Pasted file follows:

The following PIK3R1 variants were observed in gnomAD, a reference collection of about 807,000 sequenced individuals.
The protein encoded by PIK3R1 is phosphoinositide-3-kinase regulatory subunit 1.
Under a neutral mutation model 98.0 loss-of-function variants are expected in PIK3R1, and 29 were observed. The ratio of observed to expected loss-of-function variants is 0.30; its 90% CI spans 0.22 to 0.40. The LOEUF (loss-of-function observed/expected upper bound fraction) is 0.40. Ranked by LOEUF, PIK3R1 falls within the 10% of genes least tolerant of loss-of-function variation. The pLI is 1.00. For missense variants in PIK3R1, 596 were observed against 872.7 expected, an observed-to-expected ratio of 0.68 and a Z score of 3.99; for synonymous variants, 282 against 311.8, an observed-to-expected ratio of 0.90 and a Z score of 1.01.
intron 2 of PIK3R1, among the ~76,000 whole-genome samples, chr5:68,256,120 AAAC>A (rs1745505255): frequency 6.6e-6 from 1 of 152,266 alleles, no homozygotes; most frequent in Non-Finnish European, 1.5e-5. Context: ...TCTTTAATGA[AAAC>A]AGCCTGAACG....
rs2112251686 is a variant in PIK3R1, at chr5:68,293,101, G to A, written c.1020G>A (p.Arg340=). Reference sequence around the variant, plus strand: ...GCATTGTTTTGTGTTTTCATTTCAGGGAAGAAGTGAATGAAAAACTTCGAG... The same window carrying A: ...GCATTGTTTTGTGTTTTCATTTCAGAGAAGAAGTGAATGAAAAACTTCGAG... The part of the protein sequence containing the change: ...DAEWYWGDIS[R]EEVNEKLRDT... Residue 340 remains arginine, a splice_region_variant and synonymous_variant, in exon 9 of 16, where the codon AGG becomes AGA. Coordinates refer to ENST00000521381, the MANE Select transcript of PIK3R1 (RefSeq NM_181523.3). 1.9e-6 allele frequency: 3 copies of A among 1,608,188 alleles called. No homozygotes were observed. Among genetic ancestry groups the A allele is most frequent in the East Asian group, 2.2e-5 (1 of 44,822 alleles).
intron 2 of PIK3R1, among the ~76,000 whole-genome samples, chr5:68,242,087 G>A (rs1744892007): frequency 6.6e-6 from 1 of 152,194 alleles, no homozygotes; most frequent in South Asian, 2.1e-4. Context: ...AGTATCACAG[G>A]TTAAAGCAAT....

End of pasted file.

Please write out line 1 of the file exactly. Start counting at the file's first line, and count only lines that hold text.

The following PIK3R1 variants were observed in gnomAD, a reference collection of about 807,000 sequenced individuals.